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Brookings panel explores options for financially troubled Puerto Rico
Diplomatic Pouch / July 21, 2016

By Larry Luxner

It’s not a state, but neither is it an independent country — and therein lies the root of Puerto Rico’s enormous fiscal crisis.

A U.S. commonwealth since 1952, the Caribbean island is home to 3.5 million people, half a million less than 10 years ago. Speakers at a July 12 panel at the Brookings Institute warned that more Puerto Ricans will flee to the mainland — principally Florida, New York and Texas — unless the island can lure U.S. and foreign investors back.

“States and municipalities across the U.S. are with some of the same issues Puerto Rico is facing: the need to maintain essential services for their citizens, along with shrinking budgets; the need to fund public pensions, to secure a competitive education for all students, to fight crime and drug trafficking, and to bring security to neighborhoods,” said the island’s governor, Alejandro García Padilla, in his speech at Brookings.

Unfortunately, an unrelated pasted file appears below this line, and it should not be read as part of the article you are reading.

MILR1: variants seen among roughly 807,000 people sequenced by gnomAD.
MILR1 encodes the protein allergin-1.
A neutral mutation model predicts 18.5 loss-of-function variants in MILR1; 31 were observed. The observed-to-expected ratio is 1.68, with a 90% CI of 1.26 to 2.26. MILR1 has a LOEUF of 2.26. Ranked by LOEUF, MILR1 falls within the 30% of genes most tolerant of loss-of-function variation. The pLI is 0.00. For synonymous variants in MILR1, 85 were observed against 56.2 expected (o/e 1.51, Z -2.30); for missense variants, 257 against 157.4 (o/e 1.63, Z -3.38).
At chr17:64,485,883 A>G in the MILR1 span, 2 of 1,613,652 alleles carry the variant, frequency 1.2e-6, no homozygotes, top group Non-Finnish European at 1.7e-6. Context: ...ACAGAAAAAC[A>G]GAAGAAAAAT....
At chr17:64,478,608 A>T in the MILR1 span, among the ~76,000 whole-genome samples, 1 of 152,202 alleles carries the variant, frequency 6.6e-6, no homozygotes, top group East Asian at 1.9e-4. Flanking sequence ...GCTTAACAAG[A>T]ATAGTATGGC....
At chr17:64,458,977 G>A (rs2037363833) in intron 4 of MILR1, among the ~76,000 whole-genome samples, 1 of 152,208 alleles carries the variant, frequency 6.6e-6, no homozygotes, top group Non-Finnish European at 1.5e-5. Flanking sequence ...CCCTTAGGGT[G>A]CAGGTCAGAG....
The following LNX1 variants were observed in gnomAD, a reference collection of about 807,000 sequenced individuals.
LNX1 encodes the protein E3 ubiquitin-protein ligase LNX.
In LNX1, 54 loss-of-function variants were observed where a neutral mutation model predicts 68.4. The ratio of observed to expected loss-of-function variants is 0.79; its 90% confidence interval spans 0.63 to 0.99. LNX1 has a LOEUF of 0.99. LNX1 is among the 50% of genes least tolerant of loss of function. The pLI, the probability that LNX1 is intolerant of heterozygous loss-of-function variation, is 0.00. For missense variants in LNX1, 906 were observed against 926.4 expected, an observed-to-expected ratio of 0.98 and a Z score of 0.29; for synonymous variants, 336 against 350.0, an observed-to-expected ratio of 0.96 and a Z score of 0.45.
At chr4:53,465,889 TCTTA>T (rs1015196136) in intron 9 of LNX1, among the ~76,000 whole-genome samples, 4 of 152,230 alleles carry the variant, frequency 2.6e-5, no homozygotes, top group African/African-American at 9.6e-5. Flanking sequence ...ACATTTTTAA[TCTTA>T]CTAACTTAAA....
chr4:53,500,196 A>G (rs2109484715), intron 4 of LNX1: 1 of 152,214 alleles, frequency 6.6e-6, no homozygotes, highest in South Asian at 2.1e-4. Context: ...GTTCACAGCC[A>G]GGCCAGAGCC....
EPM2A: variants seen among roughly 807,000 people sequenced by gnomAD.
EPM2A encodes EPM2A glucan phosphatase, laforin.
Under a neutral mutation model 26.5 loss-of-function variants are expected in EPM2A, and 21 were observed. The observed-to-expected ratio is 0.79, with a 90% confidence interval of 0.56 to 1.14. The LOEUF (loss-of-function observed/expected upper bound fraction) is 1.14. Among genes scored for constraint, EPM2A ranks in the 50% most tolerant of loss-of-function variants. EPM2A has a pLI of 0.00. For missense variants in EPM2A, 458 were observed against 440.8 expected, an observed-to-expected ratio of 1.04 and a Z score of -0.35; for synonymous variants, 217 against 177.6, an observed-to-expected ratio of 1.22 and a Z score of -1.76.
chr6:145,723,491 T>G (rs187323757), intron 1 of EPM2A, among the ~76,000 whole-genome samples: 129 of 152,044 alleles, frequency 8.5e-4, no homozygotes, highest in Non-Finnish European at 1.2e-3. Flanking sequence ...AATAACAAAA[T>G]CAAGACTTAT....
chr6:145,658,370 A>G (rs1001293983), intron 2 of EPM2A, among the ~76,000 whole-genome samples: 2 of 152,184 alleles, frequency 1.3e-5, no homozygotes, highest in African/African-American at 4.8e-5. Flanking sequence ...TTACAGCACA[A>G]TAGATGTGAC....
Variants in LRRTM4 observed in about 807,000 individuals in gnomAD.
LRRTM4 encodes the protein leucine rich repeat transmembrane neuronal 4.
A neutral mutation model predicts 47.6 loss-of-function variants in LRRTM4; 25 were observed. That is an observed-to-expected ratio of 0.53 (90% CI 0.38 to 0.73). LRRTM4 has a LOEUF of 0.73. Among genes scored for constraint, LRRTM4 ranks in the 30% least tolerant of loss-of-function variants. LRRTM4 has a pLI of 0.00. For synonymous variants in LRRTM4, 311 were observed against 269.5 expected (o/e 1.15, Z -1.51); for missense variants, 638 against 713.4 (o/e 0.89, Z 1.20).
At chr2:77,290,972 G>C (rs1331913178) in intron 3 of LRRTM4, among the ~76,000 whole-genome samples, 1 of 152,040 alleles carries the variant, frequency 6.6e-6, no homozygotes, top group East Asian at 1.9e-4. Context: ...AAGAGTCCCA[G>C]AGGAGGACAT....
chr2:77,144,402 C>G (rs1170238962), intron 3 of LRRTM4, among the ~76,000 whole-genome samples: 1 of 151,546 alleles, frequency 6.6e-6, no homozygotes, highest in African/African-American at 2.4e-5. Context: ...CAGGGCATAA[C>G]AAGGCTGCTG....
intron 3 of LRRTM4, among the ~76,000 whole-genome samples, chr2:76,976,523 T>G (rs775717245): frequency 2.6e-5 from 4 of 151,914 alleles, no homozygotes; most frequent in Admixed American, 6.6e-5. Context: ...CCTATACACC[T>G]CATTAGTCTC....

“In facing this issue, states have become individual laboratories,” he said. “We need to learn from each other what works, what does not, and why — about errors and achievements, and how to reduce the former and replicate the latter. We have been forced to try tools that have not been tried before. We have had to knock on doors that ethers might need to approach in the not-too-distant future.”

Panelists agreed that jump-starting economic growth is essential in helping the island climb out of its fiscal hole. On June 30, President Obama signed into law the Puerto Rico Oversight, Management and Economic Stability Act (PROMESA) following its passage by both houses of Congress.

Gerald E. Rosen, a former U.S. District Court judge in Michigan and architect of the “grand bargain” that brought Detroit back from the edge of financial ruin, stressed the “need for a robust restructuring under court supervision” — which in Puerto Rico’s case will be done by a financial control board mandated by PROMESA.